Leadership Lessons Learned in Interpersonal Group Dynamics
When I first started Interpersonal Group Dynamics I had no idea what to expect to learn for the next six weeks. It was merely a class I needed to work towards my degree in Strategic Leadership. Even though I’ve had plenty of leadership training in the Air Force (AF), this course helped reinforce some of what I should have already been practicing. To be an effective leader you need to be able to think critically, communicate openly and be a leader that people believe in, not just a figure head with leader as a title. Critical Thinking
An effective leader doesn’t make snap decisions based on gut instinct alone. It takes years of training and observation to learn the proper way to lead people. In the AF, as a young Airman you are taught to follow the rules and do whatever you are told. As you grow in your career you take notice of good leaders and bad leaders. The good one’s always stand out because of their ability to think critically in any given situation. Like Kepner & Tregoe (1992), good leaders identify the root cause of a problem and identify the action steps, sometimes needing to make those decisions in very little time. Having this ability could mean the difference between life and death in the military. Brainstorming (Osborn, 1953) with subordinates is another way an effective leader can arrive at a solution to a problem. Listening to others ideas might help the leader find a solution he might never thought of on his own. It doesn’t show a sign of weakness or inability; it shows his concern for what his subordinates think about the given situation and gives them some stock in the outcome. By doing this he will also open up the lines of communication that might not have otherwise been there.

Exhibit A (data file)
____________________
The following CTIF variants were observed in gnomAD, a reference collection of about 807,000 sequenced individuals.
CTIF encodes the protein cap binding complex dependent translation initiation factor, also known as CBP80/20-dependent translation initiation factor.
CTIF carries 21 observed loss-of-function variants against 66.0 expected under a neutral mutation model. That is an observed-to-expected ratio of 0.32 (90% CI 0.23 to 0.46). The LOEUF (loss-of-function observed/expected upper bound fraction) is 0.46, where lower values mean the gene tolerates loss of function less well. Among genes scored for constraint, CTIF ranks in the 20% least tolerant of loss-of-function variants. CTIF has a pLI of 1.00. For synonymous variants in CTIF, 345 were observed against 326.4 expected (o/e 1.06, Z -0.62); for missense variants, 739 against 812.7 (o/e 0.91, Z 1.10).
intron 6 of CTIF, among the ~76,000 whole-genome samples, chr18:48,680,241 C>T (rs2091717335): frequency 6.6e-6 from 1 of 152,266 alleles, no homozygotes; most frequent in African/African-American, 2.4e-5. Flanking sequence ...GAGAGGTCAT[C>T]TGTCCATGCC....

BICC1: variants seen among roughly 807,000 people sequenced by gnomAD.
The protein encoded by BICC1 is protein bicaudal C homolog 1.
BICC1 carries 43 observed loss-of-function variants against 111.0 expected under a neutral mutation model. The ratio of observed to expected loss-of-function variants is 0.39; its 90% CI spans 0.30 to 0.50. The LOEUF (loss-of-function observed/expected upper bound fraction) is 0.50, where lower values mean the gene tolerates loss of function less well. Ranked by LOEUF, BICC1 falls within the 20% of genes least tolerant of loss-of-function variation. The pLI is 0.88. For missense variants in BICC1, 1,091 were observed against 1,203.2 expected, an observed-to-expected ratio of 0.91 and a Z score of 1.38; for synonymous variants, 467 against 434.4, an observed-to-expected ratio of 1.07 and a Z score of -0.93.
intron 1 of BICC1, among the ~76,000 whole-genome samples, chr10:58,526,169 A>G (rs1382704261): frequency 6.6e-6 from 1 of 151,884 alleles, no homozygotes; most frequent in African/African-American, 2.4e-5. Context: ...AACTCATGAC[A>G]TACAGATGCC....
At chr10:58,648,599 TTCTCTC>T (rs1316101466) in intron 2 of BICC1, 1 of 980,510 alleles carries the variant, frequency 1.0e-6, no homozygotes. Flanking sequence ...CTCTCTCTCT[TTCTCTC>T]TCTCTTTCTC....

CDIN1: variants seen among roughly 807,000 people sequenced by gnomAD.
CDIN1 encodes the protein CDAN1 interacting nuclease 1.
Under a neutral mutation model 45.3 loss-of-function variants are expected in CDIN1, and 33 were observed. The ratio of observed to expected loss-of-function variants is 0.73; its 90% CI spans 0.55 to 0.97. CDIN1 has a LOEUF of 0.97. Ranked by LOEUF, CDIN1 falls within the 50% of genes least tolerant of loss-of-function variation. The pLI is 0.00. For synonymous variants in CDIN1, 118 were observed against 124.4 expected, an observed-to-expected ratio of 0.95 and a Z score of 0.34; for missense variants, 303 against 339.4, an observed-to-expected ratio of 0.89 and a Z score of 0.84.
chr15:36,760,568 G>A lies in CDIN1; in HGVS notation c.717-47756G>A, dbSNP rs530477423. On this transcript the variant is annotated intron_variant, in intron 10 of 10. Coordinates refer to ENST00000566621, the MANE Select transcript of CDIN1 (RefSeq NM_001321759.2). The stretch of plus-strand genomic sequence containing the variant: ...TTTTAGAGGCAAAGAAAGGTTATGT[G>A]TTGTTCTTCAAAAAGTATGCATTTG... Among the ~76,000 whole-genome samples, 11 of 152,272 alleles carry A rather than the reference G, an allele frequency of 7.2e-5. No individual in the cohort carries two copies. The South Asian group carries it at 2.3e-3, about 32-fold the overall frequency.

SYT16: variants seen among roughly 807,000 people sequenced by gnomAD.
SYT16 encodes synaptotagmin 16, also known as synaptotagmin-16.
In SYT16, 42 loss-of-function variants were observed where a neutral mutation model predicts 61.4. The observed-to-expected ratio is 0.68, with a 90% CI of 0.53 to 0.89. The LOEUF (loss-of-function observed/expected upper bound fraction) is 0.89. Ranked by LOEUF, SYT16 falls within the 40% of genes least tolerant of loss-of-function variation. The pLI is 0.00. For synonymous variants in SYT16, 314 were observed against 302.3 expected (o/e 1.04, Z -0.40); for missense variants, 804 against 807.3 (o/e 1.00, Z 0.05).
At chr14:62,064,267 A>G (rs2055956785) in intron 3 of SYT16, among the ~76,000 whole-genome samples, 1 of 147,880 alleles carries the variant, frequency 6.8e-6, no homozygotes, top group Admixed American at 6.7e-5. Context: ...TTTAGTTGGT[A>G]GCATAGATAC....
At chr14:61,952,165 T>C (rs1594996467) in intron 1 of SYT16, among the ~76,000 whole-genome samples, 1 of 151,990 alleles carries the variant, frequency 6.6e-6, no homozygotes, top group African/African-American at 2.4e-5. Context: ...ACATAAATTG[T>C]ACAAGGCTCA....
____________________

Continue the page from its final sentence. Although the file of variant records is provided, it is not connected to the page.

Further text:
If my commander doesn’t clearly state that he wants me to go straight over a hill to save time, I might want...